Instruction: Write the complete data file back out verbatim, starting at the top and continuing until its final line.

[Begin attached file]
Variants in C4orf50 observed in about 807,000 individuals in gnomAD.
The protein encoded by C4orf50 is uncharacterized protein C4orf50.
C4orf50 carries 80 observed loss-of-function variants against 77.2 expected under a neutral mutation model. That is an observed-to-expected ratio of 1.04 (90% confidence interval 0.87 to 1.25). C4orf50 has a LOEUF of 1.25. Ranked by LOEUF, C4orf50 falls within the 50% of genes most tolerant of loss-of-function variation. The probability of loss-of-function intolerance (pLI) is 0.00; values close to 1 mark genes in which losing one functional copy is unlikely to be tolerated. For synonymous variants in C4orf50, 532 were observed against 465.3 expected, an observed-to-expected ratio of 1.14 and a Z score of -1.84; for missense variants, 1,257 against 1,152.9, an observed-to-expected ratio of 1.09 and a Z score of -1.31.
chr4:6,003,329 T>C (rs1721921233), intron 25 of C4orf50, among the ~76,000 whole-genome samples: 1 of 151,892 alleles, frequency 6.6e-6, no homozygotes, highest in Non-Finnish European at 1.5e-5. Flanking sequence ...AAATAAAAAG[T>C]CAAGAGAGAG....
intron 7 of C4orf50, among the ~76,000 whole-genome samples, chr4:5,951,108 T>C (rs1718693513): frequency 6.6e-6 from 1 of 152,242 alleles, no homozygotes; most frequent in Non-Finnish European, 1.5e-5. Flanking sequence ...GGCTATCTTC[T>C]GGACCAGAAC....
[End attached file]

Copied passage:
Variants in C4orf50 observed in about 807,000 individuals in gnomAD.
The protein encoded by C4orf50 is uncharacterized protein C4orf50.
C4orf50 carries 80 observed loss-of-function variants against 77.2 expected under a neutral mutation model. That is an observed-to-expected ratio of 1.04 (90% confidence interval 0.87 to 1.25). C4orf50 has a LOEUF of 1.25. Ranked by LOEUF, C4orf50 falls within the 50% of genes most tolerant of loss-of-function variation. The probability of loss-of-function intolerance (pLI) is 0.00; values close to 1 mark genes in which losing one functional copy is unlikely to be tolerated. For synonymous variants in C4orf50, 532 were observed against 465.3 expected, an observed-to-expected ratio of 1.14 and a Z score of -1.84; for missense variants, 1,257 against 1,152.9, an observed-to-expected ratio of 1.09 and a Z score of -1.31.
chr4:6,003,329 T>C (rs1721921233), intron 25 of C4orf50, among the ~76,000 whole-genome samples: 1 of 151,892 alleles, frequency 6.6e-6, no homozygotes, highest in Non-Finnish European at 1.5e-5. Flanking sequence ...AAATAAAAAG[T>C]CAAGAGAGAG....
intron 7 of C4orf50, among the ~76,000 whole-genome samples, chr4:5,951,108 T>C (rs1718693513): frequency 6.6e-6 from 1 of 152,242 alleles, no homozygotes; most frequent in Non-Finnish European, 1.5e-5. Flanking sequence ...GGCTATCTTC[T>C]GGACCAGAAC....